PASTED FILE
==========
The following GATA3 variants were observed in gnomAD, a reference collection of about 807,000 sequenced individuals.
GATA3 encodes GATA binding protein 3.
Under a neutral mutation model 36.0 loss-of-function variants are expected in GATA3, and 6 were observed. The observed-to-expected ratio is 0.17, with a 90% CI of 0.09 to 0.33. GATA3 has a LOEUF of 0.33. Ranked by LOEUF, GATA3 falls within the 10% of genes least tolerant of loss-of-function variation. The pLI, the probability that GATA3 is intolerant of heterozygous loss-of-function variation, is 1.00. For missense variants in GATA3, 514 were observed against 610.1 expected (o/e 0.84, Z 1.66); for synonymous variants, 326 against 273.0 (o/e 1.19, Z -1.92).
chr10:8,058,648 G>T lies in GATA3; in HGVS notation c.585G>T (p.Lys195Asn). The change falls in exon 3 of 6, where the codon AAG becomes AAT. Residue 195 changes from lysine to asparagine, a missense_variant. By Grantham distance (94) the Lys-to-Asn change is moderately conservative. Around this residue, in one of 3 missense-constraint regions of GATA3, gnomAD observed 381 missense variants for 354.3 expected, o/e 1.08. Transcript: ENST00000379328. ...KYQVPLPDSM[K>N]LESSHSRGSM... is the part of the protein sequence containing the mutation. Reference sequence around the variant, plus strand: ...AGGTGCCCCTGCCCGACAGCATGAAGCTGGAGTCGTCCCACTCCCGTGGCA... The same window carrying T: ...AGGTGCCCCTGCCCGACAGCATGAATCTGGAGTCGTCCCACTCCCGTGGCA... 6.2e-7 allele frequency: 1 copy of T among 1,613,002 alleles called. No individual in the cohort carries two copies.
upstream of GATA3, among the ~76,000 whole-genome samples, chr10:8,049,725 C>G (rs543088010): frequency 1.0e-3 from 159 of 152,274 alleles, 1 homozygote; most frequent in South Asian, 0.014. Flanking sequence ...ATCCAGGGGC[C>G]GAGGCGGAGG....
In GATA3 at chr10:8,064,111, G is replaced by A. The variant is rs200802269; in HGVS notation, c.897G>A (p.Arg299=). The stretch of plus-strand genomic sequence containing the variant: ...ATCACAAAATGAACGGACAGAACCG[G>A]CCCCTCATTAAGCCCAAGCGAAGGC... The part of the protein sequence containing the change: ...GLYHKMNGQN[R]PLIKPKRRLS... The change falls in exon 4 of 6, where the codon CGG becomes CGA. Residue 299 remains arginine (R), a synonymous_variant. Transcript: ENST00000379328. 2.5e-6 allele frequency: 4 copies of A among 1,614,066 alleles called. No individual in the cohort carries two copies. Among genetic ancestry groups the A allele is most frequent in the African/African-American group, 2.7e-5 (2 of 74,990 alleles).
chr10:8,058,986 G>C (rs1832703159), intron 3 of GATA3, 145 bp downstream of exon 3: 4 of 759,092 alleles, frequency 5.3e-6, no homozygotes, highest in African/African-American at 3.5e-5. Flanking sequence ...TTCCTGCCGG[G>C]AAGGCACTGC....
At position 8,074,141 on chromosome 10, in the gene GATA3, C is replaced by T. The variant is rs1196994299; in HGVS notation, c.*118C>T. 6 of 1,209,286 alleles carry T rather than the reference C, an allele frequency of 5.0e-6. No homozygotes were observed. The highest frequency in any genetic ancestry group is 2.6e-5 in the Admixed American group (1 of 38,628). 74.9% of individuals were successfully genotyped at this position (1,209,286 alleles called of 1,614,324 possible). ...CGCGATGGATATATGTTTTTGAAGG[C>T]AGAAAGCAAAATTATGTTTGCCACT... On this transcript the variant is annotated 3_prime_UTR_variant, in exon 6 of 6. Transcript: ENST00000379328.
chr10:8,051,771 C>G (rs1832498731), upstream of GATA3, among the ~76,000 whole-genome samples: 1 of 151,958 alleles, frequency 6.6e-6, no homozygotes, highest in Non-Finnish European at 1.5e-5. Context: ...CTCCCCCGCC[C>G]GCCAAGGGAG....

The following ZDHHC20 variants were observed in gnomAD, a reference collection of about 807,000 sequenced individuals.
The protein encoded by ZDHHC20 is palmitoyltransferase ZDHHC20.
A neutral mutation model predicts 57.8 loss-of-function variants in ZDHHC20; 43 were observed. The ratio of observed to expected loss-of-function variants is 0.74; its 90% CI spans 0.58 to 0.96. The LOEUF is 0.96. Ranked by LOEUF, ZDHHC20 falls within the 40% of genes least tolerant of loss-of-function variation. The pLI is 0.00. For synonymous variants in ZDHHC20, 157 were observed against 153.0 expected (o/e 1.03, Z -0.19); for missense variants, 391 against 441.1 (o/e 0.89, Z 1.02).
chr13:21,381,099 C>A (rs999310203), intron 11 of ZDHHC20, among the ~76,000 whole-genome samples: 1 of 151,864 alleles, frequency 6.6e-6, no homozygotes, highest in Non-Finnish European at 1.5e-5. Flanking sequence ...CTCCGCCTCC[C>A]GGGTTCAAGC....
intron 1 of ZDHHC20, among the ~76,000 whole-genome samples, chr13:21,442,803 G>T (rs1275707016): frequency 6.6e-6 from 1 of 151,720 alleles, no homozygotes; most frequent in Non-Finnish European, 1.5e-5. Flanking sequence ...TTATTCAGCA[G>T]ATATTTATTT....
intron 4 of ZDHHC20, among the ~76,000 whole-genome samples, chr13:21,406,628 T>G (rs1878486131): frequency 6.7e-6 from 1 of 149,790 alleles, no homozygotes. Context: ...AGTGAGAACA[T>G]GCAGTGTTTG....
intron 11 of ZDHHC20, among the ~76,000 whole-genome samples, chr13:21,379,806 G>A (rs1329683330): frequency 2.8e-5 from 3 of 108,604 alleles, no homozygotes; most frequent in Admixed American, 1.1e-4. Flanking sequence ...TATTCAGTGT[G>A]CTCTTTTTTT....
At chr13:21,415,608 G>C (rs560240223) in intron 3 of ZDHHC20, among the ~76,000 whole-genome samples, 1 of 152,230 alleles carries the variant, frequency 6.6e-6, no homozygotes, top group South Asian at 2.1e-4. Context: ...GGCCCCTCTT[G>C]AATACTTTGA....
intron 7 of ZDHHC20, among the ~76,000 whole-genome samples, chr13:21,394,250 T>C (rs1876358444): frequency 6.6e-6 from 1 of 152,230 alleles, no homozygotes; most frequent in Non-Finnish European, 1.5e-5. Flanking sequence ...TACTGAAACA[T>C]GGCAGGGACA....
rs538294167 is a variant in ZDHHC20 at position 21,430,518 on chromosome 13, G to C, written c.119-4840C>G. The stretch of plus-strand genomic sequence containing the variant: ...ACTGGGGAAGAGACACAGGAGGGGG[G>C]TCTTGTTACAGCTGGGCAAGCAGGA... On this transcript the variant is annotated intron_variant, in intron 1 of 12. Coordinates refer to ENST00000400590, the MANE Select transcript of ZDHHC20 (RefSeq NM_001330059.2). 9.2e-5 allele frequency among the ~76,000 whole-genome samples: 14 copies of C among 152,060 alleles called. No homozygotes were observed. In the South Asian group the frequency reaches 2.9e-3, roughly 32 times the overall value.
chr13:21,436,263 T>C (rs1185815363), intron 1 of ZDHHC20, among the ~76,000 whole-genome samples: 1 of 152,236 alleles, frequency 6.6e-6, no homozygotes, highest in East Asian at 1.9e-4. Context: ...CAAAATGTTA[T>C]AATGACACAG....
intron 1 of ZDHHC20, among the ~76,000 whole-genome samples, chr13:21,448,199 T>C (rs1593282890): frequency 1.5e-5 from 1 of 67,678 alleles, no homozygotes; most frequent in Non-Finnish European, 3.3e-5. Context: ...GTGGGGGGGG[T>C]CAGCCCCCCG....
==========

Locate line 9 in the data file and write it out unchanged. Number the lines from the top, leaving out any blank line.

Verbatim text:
chr10:8,051,771 C>G (rs1832498731), upstream of GATA3, among the ~76,000 whole-genome samples: 1 of 151,958 alleles, frequency 6.6e-6, no homozygotes, highest in Non-Finnish European at 1.5e-5. Context: ...CTCCCCCGCC[C>G]GCCAAGGGAG....